Secretary of State John Kerry, left, and Foreign Minister Sergei Lavrov of Russia earlier this month in Geneva. Credit Kevin Lamarque/Reuters
WASHINGTON — The agreement that Secretary of State John Kerry announced with Russia to reduce the killing in Syria has widened an increasingly public divide between Mr. Kerry and Defense Secretary Ashton B. Carter, who has deep reservations about the plan for American and Russian forces to jointly target terrorist groups.
Mr. Carter was among the administration officials who pushed against the agreement on a conference call with the White House last week as Mr. Kerry, joining the argument from a secure facility in Geneva, grew increasingly frustrated. Although President Obama ultimately approved the effort after hours of debate, Pentagon officials remain unconvinced.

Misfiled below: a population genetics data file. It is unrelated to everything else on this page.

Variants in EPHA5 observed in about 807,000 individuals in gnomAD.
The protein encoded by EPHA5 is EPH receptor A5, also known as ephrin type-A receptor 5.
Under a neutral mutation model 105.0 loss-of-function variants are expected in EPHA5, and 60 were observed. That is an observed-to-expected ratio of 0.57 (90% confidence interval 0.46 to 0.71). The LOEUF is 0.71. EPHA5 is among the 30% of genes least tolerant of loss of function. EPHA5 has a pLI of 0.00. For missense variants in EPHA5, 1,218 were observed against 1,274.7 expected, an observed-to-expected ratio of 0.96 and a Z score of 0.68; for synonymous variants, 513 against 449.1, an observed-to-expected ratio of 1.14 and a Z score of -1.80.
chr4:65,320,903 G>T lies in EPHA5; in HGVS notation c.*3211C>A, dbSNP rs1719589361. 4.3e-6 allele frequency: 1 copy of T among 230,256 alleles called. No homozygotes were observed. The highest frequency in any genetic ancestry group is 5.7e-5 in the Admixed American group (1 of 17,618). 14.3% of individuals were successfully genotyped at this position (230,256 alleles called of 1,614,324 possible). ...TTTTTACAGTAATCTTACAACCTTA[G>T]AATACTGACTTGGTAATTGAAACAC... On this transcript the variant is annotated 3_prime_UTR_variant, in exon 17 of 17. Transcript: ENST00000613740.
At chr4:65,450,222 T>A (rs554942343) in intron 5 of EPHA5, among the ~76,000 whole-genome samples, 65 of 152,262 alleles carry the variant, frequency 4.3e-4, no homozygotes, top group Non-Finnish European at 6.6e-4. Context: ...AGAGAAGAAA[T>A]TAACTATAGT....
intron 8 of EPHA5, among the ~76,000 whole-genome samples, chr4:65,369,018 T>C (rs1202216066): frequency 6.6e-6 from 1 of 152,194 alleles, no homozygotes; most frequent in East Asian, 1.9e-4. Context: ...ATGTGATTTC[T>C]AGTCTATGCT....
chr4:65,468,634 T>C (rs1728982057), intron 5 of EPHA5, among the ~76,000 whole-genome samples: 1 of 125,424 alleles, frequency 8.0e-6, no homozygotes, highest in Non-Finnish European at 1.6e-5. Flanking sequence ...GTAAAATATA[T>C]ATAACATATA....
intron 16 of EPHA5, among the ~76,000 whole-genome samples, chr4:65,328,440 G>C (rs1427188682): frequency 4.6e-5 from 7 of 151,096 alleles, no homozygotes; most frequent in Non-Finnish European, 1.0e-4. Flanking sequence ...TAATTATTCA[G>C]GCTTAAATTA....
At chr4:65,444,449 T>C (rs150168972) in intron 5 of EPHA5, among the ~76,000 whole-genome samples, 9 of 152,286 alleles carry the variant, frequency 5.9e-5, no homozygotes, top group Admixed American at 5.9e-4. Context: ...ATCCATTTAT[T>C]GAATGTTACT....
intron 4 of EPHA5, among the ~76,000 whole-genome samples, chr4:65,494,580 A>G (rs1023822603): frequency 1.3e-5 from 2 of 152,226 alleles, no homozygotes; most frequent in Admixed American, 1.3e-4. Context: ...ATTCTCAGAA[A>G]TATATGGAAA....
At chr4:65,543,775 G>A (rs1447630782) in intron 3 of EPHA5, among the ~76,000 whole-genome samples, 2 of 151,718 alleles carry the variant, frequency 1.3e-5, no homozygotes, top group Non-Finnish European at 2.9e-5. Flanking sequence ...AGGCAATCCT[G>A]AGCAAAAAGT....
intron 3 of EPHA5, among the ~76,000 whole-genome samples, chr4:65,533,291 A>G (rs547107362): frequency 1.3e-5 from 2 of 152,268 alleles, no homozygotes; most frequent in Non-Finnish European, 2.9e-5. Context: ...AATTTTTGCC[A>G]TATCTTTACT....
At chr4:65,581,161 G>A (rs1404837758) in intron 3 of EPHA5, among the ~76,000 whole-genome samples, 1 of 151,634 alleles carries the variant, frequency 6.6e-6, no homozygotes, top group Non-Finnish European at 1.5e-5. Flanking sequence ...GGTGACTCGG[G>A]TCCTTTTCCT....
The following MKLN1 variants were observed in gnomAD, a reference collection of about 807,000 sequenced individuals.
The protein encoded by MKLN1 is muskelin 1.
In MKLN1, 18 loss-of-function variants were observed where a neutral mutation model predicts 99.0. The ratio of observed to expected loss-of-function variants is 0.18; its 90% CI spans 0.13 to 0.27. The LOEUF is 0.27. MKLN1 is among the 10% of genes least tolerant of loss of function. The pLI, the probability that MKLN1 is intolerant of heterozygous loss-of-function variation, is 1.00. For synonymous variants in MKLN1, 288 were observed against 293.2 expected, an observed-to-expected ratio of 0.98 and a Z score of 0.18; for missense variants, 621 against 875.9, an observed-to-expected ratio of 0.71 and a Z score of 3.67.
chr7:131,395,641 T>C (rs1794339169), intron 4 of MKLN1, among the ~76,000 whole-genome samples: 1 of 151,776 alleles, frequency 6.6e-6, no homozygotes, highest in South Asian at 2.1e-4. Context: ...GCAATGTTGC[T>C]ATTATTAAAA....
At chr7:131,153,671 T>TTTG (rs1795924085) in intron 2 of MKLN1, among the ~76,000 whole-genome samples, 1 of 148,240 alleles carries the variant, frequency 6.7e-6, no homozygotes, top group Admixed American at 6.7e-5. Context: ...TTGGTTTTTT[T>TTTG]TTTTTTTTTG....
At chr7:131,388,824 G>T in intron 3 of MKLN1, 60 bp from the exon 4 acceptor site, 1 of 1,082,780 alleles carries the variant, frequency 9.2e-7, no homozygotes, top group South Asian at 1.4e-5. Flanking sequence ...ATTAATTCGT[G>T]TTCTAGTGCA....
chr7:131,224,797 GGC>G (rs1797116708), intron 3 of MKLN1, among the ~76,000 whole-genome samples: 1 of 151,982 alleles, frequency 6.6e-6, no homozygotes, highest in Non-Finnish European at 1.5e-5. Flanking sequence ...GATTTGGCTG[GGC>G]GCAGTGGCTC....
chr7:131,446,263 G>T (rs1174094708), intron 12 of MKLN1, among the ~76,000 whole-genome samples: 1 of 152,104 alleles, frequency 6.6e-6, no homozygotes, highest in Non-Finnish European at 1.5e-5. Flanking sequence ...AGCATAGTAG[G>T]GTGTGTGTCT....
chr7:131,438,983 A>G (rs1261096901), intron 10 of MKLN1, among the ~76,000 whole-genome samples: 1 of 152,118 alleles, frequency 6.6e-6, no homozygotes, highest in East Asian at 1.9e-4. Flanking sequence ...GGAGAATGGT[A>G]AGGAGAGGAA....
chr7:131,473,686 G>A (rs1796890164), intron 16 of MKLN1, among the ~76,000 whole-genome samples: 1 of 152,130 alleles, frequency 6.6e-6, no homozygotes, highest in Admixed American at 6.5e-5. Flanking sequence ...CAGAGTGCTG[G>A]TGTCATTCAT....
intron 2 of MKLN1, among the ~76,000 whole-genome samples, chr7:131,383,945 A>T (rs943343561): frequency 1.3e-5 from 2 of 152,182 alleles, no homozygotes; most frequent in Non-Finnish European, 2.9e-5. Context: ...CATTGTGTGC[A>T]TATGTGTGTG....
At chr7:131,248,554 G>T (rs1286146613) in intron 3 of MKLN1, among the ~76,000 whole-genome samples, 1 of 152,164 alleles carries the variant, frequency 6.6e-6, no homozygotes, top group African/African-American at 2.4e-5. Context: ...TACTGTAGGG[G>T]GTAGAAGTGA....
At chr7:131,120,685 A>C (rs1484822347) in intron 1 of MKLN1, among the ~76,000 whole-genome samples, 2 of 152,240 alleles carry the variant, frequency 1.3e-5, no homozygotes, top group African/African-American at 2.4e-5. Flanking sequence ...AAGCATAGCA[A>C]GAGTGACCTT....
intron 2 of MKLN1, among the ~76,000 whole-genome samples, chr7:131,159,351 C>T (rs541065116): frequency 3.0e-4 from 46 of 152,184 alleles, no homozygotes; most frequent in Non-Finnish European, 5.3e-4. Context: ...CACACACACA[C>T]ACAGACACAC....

On Tuesday at the Pentagon, officials would not even agree that if a cessation of violence in Syria held for seven days — the initial part of the deal — the Defense Department would put in place its part of the agreement on the eighth day: an extraordinary collaboration between the United States and Russia that calls for the American military to share information with Moscow on Islamic State targets in Syria.
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WNU editor: Some are looking for excuses to not participate in the Syrian ceasefire deal .... Syria ceasefire deal rife with legal, liability questions (AP) .... while for others there is scepticism and doubt .... Sceptical Pentagon drafts military cooperation plans on Syria with Russia (Middle East Eye).